He could go on no longer. George Frederik Handel was staring debtor’s prison in the eye; he was depressed and suffering from various illnesses. Now, faced with crushing verbal, intellectual, financial and even physical opposition, he was ready to quit. That he was the visible pawn in the vicious and hate-filled political and cultural dispute between King George II and his son Frederick, Prince of Wales, added to his woes. Britain’s most famous composer considered leaving Britain forever.
Two encounters altered everything. And changed music forever. A strange, revolutionary text for an oratorio and an invitation to Dublin, Ireland rejuvenated him. Handel threw himself feverishly into the new work, Messiah, completing it in only twenty-four days.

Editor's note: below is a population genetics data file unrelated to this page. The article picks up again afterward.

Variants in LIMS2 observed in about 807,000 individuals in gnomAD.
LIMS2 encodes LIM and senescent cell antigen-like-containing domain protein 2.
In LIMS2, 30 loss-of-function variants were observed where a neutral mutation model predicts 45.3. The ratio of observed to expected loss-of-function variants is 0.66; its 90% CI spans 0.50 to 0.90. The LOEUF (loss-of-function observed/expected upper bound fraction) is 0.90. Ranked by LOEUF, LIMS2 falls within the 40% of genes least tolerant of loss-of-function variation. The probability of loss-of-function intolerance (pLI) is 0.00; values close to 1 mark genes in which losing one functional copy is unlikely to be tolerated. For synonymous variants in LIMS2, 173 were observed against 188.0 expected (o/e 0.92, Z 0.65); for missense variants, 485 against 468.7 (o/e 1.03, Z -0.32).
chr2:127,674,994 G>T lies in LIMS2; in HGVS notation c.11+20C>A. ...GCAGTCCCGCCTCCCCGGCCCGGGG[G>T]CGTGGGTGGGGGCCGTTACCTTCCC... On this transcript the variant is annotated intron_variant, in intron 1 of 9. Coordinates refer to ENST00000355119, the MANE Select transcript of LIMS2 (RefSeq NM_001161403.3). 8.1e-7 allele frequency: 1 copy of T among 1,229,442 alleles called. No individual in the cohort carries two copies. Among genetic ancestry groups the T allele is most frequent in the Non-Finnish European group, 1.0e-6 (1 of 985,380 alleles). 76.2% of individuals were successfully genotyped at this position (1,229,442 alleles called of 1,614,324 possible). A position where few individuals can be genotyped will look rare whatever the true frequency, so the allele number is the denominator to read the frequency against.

Vicious opponents still sought to destroy him and drive him out. Some in the church rose to prevent Messiah from seeing the light of day; they objected to his hiring a singer disgraced in a sordid court case and objected to sacred music performed in a secular location with secular performers.
Through it all, Handel slowly realized that the music and the story it portrayed was bigger than him, bigger than any performance, bigger even than the King. His struggles to present Messiah to the public mirrored his own internal battles to understand and eventually revolutionize his own beliefs. He was determined to succeed!
A superb sweep through the creation of the magnificent Messiah and the fascinating characters—real and fictional—that influenced the story.
“Barrie Doyle captures the timelessness of Messiah and helps the reader live drama that birthed one of the most celebrated pieces of our time. “
Katherine Whyte, Metropolitan Opera, New York.
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